There are a few common species that are frequently mistaken for either copperheads or cottonmouths, but before we get into how to distinguish them, a word of advice.
Beware the Rules of Thumb
You’ve already learned the ground rules to avoid misidentifying animals in a previous Cool Green Science blog, and they all apply here too. But snakes add a layer of complexity: venom. There are tons of tips out there (and in here) to help you distinguish venomous snakes from those that are harmless; not all of them are particularly helpful.
For example, many people will tell you that pit vipers (like cottonmouths and copperheads) have a triangular or diamond-shaped head. But, this is relative; you need to have looked at a lot of snake heads to know which are relatively triangular and which are not.
Also, lots of non-venomous snakes flatten out their body and neck when they are feeling unsafe, this makes their heads look very triangular!
If you really want to learn how to identify snakes, I recommend getting a copy of Peterson’s Field Guide to Amphibians and Reptiles and go through the process of trying to identify every snake you find (you can do this for pictures you find online too). Note that there is a separate version for the western United States.
Over time, you will start to get a feel for the different species. I also suggest that anyone interested in learning how to recognize snakes join the Snake Identification Facebook group and watch snakes get identified in real-time. It won’t be long before you start identifying them too.
Okay, with these caveats aside, let’s start with the copperheads, which are often confused for a wide variety of species.
Copperhead or Common Watersnake?
At first glance, common watersnakes (Nerodia sipedon) look like they have a similar pattern to copperheads, but look closer. The Hershey Kisses are upside down.
These shapes look more like saddles. As you might expect from their name, watersnakes spend a lot of their time in the water; copperheads rarely do.
So, if you see a snake swimming around or even submerged, remember that this is snake is more likely to be a watersnake than a copperhead.
Copperhead or Dekay’s Brownsnake?
Dekay’s brownsnakes (Storeria dekayi) are small snakes found throughout the eastern and central United States. Because they are tiny (under a foot long), can appear almost uniformly light brown, and do not have noticeable distinguishing features, many people do not recognize them and assume they are baby copperheads. Nope!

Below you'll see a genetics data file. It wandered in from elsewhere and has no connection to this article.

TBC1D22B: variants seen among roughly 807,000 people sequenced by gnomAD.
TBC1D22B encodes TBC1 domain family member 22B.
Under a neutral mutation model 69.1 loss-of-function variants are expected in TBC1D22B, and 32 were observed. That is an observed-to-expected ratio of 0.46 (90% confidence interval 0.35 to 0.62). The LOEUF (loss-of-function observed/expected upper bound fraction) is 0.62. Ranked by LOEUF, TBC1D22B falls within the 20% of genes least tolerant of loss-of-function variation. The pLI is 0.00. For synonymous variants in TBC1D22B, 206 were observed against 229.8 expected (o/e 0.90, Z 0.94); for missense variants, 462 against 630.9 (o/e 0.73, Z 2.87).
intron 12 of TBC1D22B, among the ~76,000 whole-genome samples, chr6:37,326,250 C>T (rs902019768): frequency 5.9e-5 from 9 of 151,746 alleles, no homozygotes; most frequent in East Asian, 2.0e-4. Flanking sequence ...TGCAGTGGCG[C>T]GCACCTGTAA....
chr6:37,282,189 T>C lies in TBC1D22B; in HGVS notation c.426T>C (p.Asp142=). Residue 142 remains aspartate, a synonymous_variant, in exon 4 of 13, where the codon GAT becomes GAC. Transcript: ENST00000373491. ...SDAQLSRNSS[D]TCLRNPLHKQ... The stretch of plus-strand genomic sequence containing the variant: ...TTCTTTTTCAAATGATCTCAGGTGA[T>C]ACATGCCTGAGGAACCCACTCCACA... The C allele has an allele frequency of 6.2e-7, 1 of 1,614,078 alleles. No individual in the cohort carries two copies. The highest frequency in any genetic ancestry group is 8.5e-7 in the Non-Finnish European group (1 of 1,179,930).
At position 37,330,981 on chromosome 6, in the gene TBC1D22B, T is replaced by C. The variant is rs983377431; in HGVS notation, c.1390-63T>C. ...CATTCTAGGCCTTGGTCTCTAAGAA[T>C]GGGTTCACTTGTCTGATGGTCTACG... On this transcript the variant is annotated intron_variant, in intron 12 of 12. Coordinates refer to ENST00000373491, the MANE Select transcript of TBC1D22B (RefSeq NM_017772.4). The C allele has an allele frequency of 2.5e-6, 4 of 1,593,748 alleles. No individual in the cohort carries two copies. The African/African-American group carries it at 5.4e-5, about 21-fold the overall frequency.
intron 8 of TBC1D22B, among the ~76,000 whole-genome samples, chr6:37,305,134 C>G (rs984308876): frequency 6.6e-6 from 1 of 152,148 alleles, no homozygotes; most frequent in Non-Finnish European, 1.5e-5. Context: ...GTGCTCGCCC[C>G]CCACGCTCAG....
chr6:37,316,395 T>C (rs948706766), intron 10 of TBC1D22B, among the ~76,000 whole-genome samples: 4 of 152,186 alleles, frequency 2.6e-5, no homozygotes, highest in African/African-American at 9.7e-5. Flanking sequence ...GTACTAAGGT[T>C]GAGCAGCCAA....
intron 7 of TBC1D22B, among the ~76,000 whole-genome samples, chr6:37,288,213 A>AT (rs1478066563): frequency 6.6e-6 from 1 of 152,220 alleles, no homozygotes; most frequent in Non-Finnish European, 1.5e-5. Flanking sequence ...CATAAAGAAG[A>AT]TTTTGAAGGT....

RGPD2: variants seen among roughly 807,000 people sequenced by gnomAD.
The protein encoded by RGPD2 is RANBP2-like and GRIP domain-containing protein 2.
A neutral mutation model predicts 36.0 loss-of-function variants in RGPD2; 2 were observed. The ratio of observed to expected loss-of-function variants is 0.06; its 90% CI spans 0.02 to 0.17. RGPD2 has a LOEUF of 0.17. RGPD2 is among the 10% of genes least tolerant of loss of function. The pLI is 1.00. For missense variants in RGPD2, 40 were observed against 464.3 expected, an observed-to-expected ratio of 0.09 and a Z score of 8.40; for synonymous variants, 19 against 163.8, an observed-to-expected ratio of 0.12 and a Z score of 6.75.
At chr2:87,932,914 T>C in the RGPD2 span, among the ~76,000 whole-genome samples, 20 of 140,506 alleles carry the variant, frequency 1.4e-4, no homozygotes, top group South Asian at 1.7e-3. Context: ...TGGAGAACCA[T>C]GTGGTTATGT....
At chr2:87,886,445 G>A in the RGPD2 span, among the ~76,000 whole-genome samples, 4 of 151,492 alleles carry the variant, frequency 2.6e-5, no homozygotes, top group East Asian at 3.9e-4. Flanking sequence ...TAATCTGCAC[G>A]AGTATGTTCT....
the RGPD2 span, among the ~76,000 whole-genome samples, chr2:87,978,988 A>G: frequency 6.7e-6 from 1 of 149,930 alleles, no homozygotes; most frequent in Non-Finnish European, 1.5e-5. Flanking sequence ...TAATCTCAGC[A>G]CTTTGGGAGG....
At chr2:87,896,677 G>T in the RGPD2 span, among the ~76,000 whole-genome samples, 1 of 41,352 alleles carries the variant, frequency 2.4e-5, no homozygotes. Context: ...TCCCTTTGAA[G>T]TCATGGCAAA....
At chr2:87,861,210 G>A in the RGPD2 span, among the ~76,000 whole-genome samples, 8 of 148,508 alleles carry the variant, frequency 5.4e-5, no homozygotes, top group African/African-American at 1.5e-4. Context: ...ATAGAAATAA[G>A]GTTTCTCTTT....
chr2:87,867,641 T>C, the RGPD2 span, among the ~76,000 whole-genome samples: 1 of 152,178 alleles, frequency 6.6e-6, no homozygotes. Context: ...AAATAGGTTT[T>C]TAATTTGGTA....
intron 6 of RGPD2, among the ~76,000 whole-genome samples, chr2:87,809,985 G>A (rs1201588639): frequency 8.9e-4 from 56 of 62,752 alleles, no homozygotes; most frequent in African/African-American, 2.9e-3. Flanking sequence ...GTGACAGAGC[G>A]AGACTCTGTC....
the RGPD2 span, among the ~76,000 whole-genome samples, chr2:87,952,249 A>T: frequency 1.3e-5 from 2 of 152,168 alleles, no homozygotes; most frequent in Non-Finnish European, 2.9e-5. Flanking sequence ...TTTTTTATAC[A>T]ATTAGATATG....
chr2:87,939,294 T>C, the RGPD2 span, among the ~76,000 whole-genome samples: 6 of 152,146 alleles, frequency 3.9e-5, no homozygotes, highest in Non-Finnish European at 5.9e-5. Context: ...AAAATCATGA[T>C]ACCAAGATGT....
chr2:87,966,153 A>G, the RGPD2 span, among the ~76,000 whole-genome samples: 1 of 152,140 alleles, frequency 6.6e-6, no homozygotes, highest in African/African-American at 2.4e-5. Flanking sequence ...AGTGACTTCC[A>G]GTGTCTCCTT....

As we’ve already learned, copperheads have a distinct banding pattern and Dekay’s brownsnakes don’t. They typically appear light brown or tan; depending on where they live, they could have faint lines or a checkered pattern (similar to that of a garter snake).
Dekay’s brownsnakes also sometimes have a head that is a bit darker than the rest of their body.
Cottonmouths or Watersnakes?
In contrast to copperheads, cottonmouths frequently hang out in or near water. So, as you might expect, they are frequently confused with watersnakes (non-venomous snakes in the Nerodia genus). As I mentioned above, cottonmouths have vertical pupils and a relatively triangular head, while watersnakes in general do not.
Southern watersnakes (Nerodia fasciata) have a huge geographic range throughout the southeastern United States and their color and pattern can vary significantly across that wide region. So, if you haven’t gotten a feel for this species yet, remember that cottonmouths usually appear relatively bulky for their size, while southern watersnakes are relatively slender.
Plain-bellied watersnakes (Nerodia erythrogaster) are relatively slender too, but do not have the distinct markings that most southern watersnakes do. Rather, they are uniformly dark on the top and uniformly bright on their bellies, they can be bright yellow or red depending on where in their range you might find them.
In the western portion of their range, like in Oklahoma or Texas, plain-bellied watersnakes may have a faint pattern on their back that looks somewhat like a series of blocks.
Brown watersnakes (Nerodia taxispilota) can get quite big and bulky, more so than other watersnakes we’ve discussed already, so if relative bulkiness was the only tip you had to recognize cottonmouths, then you are likely to mistake a brown watersnake for one from time to time. But, brown watersnakes can be distinguished from cottonmouths by the square brown blotches they have along their body.
Interestingly, brown watersnakes often bask in bushes and branches over streams and rivers and plop into the water when they are feeling scared; this is likely the reason many people believe the myth that cottonmouths will drop into your boat when you are paddling by, another legend that I thoroughly cover in my new book.
There are several more different kinds of watersnakes, but I think you probably get the gist of how to distinguish them from cottonmouths by now.
Now that you know how to recognize copperheads and cottonmouths as well as a few of their reptilian brethren, go find some! In my opinion, why go bird watching when you can go looking for snakes?
Adapted with permission from Secrets of Snakes: The Science Beyond the Myths by David A. Steen, Published by Texas A&M University Press